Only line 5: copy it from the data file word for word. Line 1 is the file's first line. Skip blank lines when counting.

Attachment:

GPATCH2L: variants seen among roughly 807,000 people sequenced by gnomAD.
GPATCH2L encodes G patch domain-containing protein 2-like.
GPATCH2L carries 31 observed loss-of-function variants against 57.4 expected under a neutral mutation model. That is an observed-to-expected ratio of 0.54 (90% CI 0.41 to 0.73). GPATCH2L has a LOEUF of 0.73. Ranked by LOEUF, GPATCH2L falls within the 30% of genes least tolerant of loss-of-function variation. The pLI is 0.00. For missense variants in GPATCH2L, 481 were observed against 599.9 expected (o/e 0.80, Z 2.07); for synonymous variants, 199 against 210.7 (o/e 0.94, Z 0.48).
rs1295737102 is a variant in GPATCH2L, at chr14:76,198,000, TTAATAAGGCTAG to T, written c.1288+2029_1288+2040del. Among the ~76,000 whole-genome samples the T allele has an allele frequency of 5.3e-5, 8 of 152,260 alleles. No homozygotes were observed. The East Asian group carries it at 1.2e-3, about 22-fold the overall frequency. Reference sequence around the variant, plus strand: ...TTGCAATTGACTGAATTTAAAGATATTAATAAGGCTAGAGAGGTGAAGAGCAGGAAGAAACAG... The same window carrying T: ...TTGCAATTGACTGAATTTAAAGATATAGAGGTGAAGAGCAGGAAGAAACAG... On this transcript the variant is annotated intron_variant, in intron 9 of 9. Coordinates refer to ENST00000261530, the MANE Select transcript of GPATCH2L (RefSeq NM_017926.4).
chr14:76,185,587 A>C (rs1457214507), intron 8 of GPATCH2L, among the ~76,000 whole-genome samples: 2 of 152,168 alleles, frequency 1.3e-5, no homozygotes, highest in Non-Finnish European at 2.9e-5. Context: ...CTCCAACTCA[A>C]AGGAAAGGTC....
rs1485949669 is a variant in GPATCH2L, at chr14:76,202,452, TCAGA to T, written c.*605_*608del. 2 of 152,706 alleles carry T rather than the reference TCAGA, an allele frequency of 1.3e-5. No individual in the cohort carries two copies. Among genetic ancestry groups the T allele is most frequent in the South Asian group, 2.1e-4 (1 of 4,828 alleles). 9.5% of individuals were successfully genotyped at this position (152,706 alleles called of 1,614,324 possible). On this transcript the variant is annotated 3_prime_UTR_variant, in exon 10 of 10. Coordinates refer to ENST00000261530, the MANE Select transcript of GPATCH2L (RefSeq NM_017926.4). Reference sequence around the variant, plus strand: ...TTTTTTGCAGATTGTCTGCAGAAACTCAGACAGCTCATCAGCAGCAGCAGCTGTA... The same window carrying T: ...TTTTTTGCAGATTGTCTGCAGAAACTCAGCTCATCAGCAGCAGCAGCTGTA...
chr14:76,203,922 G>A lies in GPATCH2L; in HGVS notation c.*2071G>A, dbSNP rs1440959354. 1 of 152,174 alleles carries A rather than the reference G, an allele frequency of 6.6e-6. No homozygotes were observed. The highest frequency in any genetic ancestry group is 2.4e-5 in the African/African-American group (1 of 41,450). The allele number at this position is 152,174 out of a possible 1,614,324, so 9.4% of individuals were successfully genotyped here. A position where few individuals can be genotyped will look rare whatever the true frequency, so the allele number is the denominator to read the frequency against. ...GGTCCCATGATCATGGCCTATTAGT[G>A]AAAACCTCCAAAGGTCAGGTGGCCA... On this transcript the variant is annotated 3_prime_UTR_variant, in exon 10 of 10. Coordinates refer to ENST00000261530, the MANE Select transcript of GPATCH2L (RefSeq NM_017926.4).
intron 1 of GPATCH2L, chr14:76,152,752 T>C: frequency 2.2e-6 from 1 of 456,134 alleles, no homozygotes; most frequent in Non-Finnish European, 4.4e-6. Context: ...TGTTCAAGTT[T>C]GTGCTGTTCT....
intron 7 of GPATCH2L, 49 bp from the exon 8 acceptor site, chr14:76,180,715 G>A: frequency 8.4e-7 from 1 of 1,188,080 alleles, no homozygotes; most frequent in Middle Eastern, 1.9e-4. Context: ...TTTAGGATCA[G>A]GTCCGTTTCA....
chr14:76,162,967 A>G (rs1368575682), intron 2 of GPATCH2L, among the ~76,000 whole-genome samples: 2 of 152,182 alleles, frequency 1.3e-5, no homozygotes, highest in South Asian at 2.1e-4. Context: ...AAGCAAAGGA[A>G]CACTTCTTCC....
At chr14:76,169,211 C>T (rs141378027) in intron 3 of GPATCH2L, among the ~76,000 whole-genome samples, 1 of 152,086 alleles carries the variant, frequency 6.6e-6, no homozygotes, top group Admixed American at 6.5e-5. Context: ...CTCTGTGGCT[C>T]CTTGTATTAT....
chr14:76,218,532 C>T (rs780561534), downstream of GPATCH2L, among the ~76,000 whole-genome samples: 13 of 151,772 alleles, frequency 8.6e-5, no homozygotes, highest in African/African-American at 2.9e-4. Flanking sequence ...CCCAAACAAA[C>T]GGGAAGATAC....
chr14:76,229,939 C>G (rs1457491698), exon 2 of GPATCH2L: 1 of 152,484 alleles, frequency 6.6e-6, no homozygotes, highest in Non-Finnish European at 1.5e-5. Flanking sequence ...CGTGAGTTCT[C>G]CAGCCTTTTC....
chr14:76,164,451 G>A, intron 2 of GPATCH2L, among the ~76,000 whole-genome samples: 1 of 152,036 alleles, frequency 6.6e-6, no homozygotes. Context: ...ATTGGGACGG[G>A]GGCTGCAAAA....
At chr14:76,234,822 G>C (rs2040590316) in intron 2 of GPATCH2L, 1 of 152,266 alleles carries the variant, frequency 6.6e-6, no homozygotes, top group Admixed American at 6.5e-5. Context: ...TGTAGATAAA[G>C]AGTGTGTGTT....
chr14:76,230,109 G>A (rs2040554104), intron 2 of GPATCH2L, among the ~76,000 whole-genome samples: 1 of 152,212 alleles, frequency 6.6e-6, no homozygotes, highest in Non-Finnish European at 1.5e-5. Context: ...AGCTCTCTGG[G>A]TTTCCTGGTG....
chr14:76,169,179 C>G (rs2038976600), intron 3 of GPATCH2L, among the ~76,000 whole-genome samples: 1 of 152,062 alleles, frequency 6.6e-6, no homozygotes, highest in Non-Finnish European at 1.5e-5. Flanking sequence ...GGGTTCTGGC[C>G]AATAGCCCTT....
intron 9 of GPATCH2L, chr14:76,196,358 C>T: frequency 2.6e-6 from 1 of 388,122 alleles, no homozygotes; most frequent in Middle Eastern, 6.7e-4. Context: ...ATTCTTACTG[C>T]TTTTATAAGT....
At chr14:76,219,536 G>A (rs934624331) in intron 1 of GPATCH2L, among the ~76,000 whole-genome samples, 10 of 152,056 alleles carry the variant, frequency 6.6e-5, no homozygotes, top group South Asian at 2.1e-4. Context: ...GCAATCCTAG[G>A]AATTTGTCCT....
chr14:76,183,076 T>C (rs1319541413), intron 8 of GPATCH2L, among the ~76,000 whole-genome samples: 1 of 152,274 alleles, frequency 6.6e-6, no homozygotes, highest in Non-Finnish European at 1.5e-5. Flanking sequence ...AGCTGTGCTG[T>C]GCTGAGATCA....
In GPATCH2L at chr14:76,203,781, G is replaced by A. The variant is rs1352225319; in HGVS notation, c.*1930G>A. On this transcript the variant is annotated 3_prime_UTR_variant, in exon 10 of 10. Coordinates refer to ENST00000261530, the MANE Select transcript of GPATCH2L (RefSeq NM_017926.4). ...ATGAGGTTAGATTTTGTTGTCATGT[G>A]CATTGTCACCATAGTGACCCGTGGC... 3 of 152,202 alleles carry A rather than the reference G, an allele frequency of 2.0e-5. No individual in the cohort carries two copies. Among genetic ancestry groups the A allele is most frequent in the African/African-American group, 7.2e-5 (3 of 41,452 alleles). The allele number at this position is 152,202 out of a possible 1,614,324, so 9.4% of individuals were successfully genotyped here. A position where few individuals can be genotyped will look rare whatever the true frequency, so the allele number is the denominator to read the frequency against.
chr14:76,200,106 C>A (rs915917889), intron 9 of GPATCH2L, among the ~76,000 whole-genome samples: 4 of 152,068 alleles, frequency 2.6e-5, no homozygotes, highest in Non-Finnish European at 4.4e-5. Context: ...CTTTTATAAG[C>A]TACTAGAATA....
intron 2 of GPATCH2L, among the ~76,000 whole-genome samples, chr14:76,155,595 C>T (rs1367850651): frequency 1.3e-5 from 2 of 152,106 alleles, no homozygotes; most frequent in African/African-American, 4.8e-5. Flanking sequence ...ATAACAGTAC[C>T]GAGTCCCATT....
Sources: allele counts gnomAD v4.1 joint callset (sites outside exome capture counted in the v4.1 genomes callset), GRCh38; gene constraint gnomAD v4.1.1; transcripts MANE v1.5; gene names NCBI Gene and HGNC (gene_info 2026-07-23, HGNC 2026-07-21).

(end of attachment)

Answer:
chr14:76,185,587 A>C (rs1457214507), intron 8 of GPATCH2L, among the ~76,000 whole-genome samples: 2 of 152,168 alleles, frequency 1.3e-5, no homozygotes, highest in Non-Finnish European at 2.9e-5. Context: ...CTCCAACTCA[A>C]AGGAAAGGTC....